Which aisle stocks the peanut butter? Where is the project file? What’s the name of that actor in the movie we saw last week? These are all questions that can unhinge our memory at times. A little memory blip is nothing to worry about. We all have them now and then. But some occurrences could signal a more serious memory problem. Although aging ups the risk for developing Alzheimer’s disease (AD), the condition isn’t a normal part of aging. So how do you know what’s normal behavior and what’s not? Here are some red flags to watch out for.

 

A Disruption of Daily Life – You just met her but already can’t recall her name. You know you made plans for Sunday but can’t seem to remember what they are. It’s normal to forget names and dates every now and then. But regularly forgetting these and other, more important details could signal a problem. Forgetting recently learned information is common for people with AD.

Disorientation – People with AD may be puzzled by time and place. They might confuse the past and present or lose track of time or dates. They may become lost in their own neighborhood, forgetting where they are and how they got there.

A Snag in Speech – You’ve probably had a word on the tip of your tongue but couldn’t come up with it. People with AD also may have trouble finding the right word but might halt a conversation completely and not know how to carry on, or may repeat themselves. They might invent words or stop talking altogether to prevent slipups.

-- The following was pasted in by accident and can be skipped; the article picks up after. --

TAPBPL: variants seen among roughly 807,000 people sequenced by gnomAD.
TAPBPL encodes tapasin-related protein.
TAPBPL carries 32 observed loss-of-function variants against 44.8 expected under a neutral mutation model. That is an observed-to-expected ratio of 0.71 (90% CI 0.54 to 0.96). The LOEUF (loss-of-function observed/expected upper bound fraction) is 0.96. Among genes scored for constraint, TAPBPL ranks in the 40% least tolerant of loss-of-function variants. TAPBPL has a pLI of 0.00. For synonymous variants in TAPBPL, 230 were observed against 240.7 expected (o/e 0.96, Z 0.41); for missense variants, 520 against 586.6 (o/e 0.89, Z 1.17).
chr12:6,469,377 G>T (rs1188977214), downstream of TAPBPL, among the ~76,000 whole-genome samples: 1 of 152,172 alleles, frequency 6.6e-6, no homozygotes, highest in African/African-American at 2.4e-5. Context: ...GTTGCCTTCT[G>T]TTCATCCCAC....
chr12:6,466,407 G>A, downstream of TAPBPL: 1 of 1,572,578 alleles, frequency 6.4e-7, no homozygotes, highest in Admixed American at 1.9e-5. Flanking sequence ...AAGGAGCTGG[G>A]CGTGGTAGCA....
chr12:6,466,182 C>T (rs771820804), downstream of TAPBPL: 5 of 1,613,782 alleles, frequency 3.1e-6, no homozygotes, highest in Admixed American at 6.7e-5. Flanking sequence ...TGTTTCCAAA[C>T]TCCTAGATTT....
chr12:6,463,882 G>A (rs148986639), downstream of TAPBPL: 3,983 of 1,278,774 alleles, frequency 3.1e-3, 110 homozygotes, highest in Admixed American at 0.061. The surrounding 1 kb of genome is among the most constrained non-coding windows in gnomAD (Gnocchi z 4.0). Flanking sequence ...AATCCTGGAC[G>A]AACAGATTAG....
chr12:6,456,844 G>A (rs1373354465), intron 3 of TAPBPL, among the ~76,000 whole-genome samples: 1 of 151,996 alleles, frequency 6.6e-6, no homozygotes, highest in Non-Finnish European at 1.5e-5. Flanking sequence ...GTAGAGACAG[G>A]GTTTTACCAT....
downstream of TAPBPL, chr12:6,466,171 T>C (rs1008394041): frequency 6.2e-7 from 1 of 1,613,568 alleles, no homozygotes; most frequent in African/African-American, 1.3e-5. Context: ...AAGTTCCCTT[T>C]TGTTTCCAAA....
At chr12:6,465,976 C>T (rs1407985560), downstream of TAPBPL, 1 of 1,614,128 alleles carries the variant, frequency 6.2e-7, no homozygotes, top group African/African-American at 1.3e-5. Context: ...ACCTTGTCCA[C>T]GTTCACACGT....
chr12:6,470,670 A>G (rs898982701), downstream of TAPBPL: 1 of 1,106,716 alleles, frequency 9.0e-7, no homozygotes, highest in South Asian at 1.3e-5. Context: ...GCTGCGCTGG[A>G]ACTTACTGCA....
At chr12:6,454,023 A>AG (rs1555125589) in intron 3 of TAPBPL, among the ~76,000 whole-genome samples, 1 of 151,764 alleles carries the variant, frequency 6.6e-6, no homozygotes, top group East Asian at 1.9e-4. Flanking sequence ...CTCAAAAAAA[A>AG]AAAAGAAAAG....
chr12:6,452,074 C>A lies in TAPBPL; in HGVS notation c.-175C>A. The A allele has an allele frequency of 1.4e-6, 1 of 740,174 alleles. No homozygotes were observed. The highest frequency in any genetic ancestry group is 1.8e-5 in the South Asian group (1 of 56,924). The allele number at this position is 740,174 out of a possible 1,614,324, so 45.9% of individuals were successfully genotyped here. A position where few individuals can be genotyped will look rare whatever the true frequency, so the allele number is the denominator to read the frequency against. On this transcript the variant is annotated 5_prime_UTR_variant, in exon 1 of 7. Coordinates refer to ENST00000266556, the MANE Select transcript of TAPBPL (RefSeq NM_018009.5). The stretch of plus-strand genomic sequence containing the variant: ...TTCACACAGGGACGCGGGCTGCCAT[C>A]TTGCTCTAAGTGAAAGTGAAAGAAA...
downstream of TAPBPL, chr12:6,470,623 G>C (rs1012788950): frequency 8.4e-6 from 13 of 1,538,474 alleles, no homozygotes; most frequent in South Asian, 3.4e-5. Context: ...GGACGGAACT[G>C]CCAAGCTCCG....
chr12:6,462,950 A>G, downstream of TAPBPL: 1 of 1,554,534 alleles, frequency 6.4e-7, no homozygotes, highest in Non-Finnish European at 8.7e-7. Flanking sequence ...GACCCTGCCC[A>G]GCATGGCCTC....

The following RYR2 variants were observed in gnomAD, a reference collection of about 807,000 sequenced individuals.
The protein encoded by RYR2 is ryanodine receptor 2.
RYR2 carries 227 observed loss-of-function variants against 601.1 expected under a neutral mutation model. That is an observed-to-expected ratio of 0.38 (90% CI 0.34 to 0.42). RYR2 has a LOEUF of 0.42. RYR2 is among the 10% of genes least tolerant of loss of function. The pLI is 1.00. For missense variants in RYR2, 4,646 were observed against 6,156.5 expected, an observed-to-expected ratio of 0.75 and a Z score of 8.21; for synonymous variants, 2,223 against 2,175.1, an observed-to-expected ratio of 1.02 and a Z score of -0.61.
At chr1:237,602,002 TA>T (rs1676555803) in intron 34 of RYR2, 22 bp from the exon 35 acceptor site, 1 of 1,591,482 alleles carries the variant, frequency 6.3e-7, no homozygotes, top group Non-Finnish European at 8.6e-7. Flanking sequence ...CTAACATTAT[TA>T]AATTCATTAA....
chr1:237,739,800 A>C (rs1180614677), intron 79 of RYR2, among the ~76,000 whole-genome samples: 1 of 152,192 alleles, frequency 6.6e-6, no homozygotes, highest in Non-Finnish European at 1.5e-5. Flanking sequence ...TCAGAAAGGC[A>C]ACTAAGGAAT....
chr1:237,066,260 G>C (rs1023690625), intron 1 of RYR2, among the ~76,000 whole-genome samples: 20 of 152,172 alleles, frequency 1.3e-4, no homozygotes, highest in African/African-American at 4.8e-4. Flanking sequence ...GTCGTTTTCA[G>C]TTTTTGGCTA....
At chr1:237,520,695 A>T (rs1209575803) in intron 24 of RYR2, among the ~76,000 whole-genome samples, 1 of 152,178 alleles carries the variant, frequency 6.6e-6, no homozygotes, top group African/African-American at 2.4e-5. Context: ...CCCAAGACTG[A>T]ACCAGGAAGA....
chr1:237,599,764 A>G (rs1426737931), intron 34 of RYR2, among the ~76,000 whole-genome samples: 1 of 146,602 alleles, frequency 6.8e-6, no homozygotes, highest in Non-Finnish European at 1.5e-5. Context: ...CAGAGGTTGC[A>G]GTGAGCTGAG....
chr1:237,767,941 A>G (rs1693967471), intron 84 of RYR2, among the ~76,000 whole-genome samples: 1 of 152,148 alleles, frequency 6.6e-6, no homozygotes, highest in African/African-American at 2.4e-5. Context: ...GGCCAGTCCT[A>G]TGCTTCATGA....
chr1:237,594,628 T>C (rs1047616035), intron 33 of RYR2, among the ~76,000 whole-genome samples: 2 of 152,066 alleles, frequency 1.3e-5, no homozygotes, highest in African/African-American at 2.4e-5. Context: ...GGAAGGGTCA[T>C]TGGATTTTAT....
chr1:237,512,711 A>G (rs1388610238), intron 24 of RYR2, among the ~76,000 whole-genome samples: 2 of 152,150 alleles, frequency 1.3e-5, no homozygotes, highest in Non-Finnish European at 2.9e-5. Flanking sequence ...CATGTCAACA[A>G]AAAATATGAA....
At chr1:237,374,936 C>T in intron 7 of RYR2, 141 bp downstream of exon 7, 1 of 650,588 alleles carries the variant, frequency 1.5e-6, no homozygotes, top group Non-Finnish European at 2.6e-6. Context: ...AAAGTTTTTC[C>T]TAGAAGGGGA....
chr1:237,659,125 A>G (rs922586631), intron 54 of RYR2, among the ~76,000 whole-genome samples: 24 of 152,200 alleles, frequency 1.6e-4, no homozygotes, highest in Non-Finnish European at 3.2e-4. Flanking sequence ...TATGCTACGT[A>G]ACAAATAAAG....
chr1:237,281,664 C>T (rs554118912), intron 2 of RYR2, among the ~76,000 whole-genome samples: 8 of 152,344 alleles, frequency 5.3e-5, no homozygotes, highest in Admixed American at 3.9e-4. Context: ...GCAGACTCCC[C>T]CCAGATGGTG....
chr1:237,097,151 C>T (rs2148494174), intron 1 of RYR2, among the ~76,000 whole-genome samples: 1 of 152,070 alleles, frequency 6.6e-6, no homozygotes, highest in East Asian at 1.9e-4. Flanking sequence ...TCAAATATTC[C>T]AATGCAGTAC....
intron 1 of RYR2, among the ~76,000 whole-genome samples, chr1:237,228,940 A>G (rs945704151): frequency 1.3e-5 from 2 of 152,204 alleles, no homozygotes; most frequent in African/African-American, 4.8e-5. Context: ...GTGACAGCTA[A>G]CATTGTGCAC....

Problems solving problems – Trouble understanding numbers or following steps is another sign of AD. This can make it difficult to concentrate, pay the bills, do simple math, or even follow a family recipe the person has known for years.

Losing Things – Where’d I put my keys? You’ve likely asked yourself the same question before. But for people with AD, it can be difficult to remember where things are or to retrace steps to find lost items. What’s more, Alzheimer’s can cause people to misplace items by putting them in illogical places, like a placing a toothbrush in the refrigerator.

Trouble With Tasks – Everyday tasks that were once easy to do may become big challenges. Even daily grooming, dressing oneself, and eating can be a struggle

Poor decision-making – Making consistent or frequent bad decisions or not making decisions at all could signal AD. Bad judgment with money, like giving money to strangers, could be another warning.

Loss of initiative – Lost energy, motivation, or spark for life is another indication of AD. The person may not participate in usual activities like sports, hobbies, or even work. He or she may become socially withdrawn.

Resisting Change – We all may be set in our own ways at times, but a person with AD may be unwelcome to changes in routine or uncomfortable with new people or places.

Significant Swings in Mood or Personality – AD patients may change from calm to sadness to anger quickly and for no apparent reason. They may become extremely confused, suspicious, or fearful.

 

Early detection matters. Many other neurologic conditions can mimic the problems encountered with AD, and many are treatable. Tell your doctor if you are experiencing challenges with everyday activities. Recognizing the warning signs of Alzheimer’s early allows extra time to plan for necessary treatment and care.